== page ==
I am nobody, nothing. God hates me. He’s hovering in heaven, ready to squish me, to make me suffer in the most excruciating way possible, both psychologically and physically. He wants me to hurt, is even now planning how to do it.

Maybe I should just give up, ask for oblivion. Even death won’t help. It will just give him the chance to inflict more and never-ending torment. I can’t escape. I would despair except that I have children. I have to try to love them, even though it’s imperfect. I’m never good enough. God is always angry with me. He doesn’t forgive. I don’t want to go near Him because He will push me away.

And yet, grumpy and moody as I am, I try to forgive my children.

At the time that I wrote these words, I absolutely believed them, although I also experienced moments when I experienced God’s love and mercy.

High pews and short legs

These feelings of mistrust in God’s mercy came from deep in my childhood. I sat on hard, scratchy cushions on a pew that was too high for my short legs and watched the preacher. His face was thrown into relief by the pulpit light so that it seemed to be full of clefts and hollows which changed as he moved. As he spoke about God’s judgement and hell and our own sin and unworthiness, his voice rose and fell and his face twisted with emotion.

When I was very young, all I thought about was getting through the long sermons. I swung my legs and wriggled and twisted and traced pictures in the patterns of the wooden shelf where we rested our Bibles and Psalm books. I ate the sweeties that my grandmother gave me, trying not to sook on them and just let them rest in my mouth. If I was careful, four sweeties would almost last me through an hour-long sermon.

At some point, I began to understand the preacher’s words. I realised that when he talked about sinners who were going to be lost in hell unless they threw themselves on God’s mercy, he was including me.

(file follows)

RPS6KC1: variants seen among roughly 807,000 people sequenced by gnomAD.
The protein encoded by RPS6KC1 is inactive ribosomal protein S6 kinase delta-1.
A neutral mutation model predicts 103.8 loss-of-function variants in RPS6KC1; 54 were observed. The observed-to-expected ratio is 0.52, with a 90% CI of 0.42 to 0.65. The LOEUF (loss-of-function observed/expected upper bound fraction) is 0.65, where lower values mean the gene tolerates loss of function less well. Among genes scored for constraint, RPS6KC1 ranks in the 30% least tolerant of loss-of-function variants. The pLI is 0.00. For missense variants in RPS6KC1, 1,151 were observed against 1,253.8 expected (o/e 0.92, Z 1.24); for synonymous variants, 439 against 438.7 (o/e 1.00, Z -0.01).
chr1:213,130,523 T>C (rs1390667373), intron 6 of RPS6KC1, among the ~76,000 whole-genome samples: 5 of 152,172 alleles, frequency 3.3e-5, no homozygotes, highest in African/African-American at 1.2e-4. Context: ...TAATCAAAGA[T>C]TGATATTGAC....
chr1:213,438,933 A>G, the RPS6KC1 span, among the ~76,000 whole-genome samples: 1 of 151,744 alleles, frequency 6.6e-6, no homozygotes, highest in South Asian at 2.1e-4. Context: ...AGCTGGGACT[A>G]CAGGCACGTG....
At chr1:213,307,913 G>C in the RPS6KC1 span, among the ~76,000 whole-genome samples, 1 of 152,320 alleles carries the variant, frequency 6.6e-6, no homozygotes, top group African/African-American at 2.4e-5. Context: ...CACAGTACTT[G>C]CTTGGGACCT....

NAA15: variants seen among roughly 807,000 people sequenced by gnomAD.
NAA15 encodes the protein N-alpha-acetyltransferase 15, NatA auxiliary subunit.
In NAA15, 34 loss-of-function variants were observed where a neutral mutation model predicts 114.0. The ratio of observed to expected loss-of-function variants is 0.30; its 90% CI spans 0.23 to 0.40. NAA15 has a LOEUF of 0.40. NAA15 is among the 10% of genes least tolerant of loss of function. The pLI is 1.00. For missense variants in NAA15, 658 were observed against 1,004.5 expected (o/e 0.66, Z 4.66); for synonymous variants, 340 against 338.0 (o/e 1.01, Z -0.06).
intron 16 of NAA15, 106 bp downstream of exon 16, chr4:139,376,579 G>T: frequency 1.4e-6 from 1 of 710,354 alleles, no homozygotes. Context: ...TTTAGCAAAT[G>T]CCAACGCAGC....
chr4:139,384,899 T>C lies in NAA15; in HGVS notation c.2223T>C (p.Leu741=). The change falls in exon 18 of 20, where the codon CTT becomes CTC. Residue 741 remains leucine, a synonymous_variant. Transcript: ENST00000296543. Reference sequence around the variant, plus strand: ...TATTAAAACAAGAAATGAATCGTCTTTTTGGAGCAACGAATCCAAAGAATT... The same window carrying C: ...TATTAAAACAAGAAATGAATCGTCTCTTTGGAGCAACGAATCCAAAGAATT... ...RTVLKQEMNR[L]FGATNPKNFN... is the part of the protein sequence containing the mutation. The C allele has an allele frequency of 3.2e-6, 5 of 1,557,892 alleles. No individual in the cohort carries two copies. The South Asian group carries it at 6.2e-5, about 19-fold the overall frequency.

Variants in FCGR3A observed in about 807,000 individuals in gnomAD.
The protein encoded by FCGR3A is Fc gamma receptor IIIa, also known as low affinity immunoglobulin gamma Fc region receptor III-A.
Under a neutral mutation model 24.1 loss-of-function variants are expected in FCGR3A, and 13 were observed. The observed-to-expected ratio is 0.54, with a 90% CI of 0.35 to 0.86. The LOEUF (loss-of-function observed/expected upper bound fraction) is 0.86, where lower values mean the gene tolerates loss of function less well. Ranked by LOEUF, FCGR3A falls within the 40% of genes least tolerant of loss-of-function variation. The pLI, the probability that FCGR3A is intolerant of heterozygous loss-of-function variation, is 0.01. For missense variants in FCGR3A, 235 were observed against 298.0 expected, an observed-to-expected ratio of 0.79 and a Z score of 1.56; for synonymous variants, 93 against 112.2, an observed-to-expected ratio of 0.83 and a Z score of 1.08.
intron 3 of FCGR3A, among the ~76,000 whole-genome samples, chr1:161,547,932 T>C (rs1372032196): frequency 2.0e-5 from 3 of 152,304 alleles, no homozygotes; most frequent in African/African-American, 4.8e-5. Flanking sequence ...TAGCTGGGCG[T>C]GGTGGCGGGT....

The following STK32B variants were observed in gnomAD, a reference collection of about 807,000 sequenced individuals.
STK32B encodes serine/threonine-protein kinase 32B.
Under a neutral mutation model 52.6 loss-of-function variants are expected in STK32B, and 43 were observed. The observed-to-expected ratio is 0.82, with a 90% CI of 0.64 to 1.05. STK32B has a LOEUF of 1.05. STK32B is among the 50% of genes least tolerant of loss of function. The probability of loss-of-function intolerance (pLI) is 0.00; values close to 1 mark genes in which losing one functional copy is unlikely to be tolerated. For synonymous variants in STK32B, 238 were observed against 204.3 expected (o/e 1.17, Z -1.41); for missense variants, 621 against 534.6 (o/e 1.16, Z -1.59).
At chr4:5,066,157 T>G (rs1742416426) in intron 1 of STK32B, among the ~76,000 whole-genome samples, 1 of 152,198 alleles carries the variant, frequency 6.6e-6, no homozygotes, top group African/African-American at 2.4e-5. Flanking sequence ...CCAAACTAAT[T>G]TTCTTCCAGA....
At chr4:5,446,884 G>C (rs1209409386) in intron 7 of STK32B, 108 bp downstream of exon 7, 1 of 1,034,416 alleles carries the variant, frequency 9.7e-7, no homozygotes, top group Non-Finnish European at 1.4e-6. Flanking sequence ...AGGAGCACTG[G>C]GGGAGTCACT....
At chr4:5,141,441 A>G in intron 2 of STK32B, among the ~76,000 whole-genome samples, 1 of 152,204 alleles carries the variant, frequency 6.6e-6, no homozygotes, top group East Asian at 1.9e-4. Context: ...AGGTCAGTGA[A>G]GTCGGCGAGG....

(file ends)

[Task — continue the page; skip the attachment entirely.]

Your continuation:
I did what the preacher told me to. I turned to God and asked Him to forgive my sins. It was logical. I didn’t want to go to the never-ending fire that the preacher described so graphically, where there was weeping and gnashing of teeth.

Double back flipping Calvinism

This decision brought me peace until I became a teenager and realised that it wasn’t as simple as that. God’s mercy wasn’t to be obtained by simply asking for it, not for a reformed Scottish Presbyterian. Many people in our church, including my own family, were double back flipping Calvinists (although I think that the theological term is double predestination).

They believed that God had decided before the start of time who would be saved and who wouldn’t. Therefore, it made no difference if we turned to God and asked for forgiveness. If God had decided that we were among the Elect, we would be saved and if we weren’t, then we would be damned regardless of how many times we petitioned God for mercy. In fact, it was sheer insolence to even ask for God’s mercy unless He first gave a sign that we were numbered among the Elect.

This was too much for me. I could ask God’s forgiveness, but could never be sure that I would ever receive it. Although I didn’t leave the church for several more years, my faith and trust were already damaged. My feelings of guilt and unworthiness grew until the only way I could cope was to leave the church in which I had grown up.

I tried different churches. However, I was dogged by the image of a God who would never love or forgive no matter how hard I tried to please him or how much I needed his help. I suffered from low self-esteem and depression. The only way to escape this bogey God who was always breathing disapproval down my neck was to turn my back on religion.

Believing in God’s mercy

It didn’t end there. Many years later I felt called to become Catholic. This brought me a lot of joy, but also the challenge of facing my own negative images of God.

During the first year or so after becoming Catholic, even the Sacrament of Reconciliation did not give me immediate relief from the feelings of guilt and mistrust in God’s mercy. Confessing to a priest was such a strange and unfamiliar thing. Perhaps that was the reason I didn’t experience the feelings of relief and lightness that other people reported. Often, however, I would feel that the burden of guilt and doubt had lifted a few hours or a few days later. On one beautiful occasion I stood in the sunlight in the church after confession and felt as if the doubt and guilt which was crushing me lifted in an instant, allowing the love of God to flow in.

The shock I felt after re-reading the diary entry above shows that God has made some progress with me, even if it seems to have been slow and imperceptible. Believing in God’s love and forgiveness is an ongoing challenge as the stresses and strains of life continually throw up new situations in which I have difficulty trusting Go

My other great challenge is to forgive. I will write more about that journey in the next post.

Similarities

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Recently I’ve been reading ‘From MTV to Mecca’ by former MTV presenter Kristiane Backer who converted to Islam in 1995 at the age of 30. She later became a Sufi, part of the mystical branch of Islam.